“It was absolutely faith restoring,” he says. “As was said by the speaker, understanding the challenges that we face now: from institutionalized racism and discrimination, how we need to be aware of that, and engage that. It was inspiring.”

Those at the event made their way from the post office, down Franklin St. – chanting along the way – before assembling in First Baptist Church.

There was singing, dancing in the aisle, and prayer at the ceremony. Michelle Laws, Executive Director of the North Carolina chapter of the NAACP, also spoke at the event. Laws was happy to see the diverse crowd of those who are taking part in the day’s celebrations.

“There are those of us who come because this is the place where the Lord restores our strength,” he says. “And restores our joy. And strengthens our faith. After we have been battered on the battlefield for justice.”

Laws says the Moral Movement will not back down from the pressure they have put on lawmakers. She adds there is strength in numbers, as the movement spreads to new areas.

On the day celebrating the life, legacy, and message brought forward 50 years ago by Dr. Martin Luther King Jr., the overriding theme was that there remains more work to do.

Varsity Theatre Meets Kickstarter Goal

The Varsity Theatre tweeted out on Wednesday evening that they met their $50,000 Kickstarter goal.

With these funds the Chapel Hill staple will be able to upgrade one theatre to digital operation from 35mm film and continue operation. You can still donate to the cause through the Kickstarter page. The owners of the Varsity have said that any money raised above their goal would go toward renovating their second theatre.

Young Democrat Convention Coming to Chapel Hill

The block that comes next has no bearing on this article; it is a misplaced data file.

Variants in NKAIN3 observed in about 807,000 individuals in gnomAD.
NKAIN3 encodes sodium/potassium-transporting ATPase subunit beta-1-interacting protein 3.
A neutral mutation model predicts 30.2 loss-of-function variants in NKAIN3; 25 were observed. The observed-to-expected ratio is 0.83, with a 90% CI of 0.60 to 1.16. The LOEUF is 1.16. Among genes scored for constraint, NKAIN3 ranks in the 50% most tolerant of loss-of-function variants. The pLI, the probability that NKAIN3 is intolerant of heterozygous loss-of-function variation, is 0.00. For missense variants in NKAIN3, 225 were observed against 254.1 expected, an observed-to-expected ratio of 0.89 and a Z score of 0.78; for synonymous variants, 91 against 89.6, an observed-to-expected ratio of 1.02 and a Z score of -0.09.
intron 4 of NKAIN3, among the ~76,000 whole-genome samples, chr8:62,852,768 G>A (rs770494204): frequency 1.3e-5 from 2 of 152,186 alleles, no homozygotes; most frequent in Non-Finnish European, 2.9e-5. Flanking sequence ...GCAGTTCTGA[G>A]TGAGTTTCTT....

Young democrats across the Tar Heel state will be migrating to Chapel Hill for their annual convention this year.

The teen, college, and young democrats announced, earlier this week, they would hold their 2015 convention in Chapel Hill.

Chapel Hill Town Council Member Lee Storrow says this event is an opportunity to lay a path for the Democratic Party’s movement going forward.

“It’s a great opportunity to bring folks together from across the state,” he says, “to think strategically, plan, and network about the work that needs to be done to move our state forward.”

Storrow represents the Town of Chapel Hill on the Board of the Orange County Visitor’s Bureau, and he says the convention will afford the town an opportunity to prove it has the resources and capability to host an event this size.

“I’m really excited, as a community, about the work that the visitor’s bureau is doing,” he says. “Tourism is a clean form of economic development: people come to the community, spend a lot of money, and then they leave.”

Storrow says he expects the meeting to bring a couple of hundred visitors to Chapel Hill – adding if the town successfully houses this convention, it will be very helpful in recruiting another mid-size event in the years to come.

He says the convention will serve as a chance for democrats to define the message they want to send voters, especially in light of the 2014 elections that saw many democrats lose to their conservative counterparts across the state and nation.

Storrow was quick to point out that, as elections nationally didn’t go the democrat’s way, many local elections did fall in their favor, including races for Wake County Commissioner.
While taking full control of the County Commissioner positions in Orange, Durham, and Wake Counties, democrats still struggled to hit the mark with their message in rural North Carolina. Storrow says this is an area where his fellow democrats need to improve.

“The Democratic Party has always stood for public investment: an investment in working families, investment in education, investment in a transportation system that can bring people closer together,” he says.

“I think that’s a message that’s relevant across the state.”

The young democrat’s convention will be held March 27 through 29 and will be based out of the Sheraton Chapel Hill on Europa Drive.